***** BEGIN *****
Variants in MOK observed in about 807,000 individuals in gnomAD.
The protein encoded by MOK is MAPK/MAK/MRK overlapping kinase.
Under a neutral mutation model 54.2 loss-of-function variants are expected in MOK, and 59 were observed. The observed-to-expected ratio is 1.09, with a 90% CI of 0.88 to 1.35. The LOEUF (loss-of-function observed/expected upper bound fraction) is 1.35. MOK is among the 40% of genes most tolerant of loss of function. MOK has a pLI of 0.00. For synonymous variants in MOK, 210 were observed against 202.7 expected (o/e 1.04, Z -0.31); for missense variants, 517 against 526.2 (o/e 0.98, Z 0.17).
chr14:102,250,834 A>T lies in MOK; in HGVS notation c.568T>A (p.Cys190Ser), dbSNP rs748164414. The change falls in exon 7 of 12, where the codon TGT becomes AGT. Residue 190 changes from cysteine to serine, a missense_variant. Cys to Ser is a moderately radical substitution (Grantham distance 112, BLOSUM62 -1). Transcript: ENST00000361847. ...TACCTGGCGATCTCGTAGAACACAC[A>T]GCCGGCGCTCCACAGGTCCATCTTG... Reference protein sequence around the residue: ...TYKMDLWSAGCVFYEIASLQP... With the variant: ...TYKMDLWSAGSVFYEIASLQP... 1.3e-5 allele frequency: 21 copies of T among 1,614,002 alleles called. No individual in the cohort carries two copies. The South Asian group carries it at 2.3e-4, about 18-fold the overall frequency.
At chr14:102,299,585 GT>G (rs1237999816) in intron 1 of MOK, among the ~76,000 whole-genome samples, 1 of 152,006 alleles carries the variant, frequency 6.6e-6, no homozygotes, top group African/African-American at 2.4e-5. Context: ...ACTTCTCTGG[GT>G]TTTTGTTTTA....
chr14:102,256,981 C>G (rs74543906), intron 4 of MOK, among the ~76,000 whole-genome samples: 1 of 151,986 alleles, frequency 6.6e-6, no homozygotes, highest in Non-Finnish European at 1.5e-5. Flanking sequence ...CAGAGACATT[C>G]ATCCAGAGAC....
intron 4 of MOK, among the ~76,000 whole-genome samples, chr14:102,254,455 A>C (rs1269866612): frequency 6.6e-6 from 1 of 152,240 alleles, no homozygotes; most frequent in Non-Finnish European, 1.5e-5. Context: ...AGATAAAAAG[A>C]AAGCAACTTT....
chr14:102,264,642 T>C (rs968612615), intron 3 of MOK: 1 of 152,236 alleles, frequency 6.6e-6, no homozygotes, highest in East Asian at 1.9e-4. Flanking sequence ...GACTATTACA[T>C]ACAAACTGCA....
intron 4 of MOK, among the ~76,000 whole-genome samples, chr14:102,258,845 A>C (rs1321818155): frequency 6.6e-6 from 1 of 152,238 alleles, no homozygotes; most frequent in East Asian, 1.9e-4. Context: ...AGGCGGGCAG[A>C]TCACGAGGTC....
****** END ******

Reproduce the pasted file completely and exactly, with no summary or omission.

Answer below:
Variants in MOK observed in about 807,000 individuals in gnomAD.
The protein encoded by MOK is MAPK/MAK/MRK overlapping kinase.
Under a neutral mutation model 54.2 loss-of-function variants are expected in MOK, and 59 were observed. The observed-to-expected ratio is 1.09, with a 90% CI of 0.88 to 1.35. The LOEUF (loss-of-function observed/expected upper bound fraction) is 1.35. MOK is among the 40% of genes most tolerant of loss of function. MOK has a pLI of 0.00. For synonymous variants in MOK, 210 were observed against 202.7 expected (o/e 1.04, Z -0.31); for missense variants, 517 against 526.2 (o/e 0.98, Z 0.17).
chr14:102,250,834 A>T lies in MOK; in HGVS notation c.568T>A (p.Cys190Ser), dbSNP rs748164414. The change falls in exon 7 of 12, where the codon TGT becomes AGT. Residue 190 changes from cysteine to serine, a missense_variant. Cys to Ser is a moderately radical substitution (Grantham distance 112, BLOSUM62 -1). Transcript: ENST00000361847. ...TACCTGGCGATCTCGTAGAACACAC[A>T]GCCGGCGCTCCACAGGTCCATCTTG... Reference protein sequence around the residue: ...TYKMDLWSAGCVFYEIASLQP... With the variant: ...TYKMDLWSAGSVFYEIASLQP... 1.3e-5 allele frequency: 21 copies of T among 1,614,002 alleles called. No individual in the cohort carries two copies. The South Asian group carries it at 2.3e-4, about 18-fold the overall frequency.
At chr14:102,299,585 GT>G (rs1237999816) in intron 1 of MOK, among the ~76,000 whole-genome samples, 1 of 152,006 alleles carries the variant, frequency 6.6e-6, no homozygotes, top group African/African-American at 2.4e-5. Context: ...ACTTCTCTGG[GT>G]TTTTGTTTTA....
chr14:102,256,981 C>G (rs74543906), intron 4 of MOK, among the ~76,000 whole-genome samples: 1 of 151,986 alleles, frequency 6.6e-6, no homozygotes, highest in Non-Finnish European at 1.5e-5. Flanking sequence ...CAGAGACATT[C>G]ATCCAGAGAC....
intron 4 of MOK, among the ~76,000 whole-genome samples, chr14:102,254,455 A>C (rs1269866612): frequency 6.6e-6 from 1 of 152,240 alleles, no homozygotes; most frequent in Non-Finnish European, 1.5e-5. Context: ...AGATAAAAAG[A>C]AAGCAACTTT....
chr14:102,264,642 T>C (rs968612615), intron 3 of MOK: 1 of 152,236 alleles, frequency 6.6e-6, no homozygotes, highest in East Asian at 1.9e-4. Flanking sequence ...GACTATTACA[T>C]ACAAACTGCA....
intron 4 of MOK, among the ~76,000 whole-genome samples, chr14:102,258,845 A>C (rs1321818155): frequency 6.6e-6 from 1 of 152,238 alleles, no homozygotes; most frequent in East Asian, 1.9e-4. Context: ...AGGCGGGCAG[A>C]TCACGAGGTC....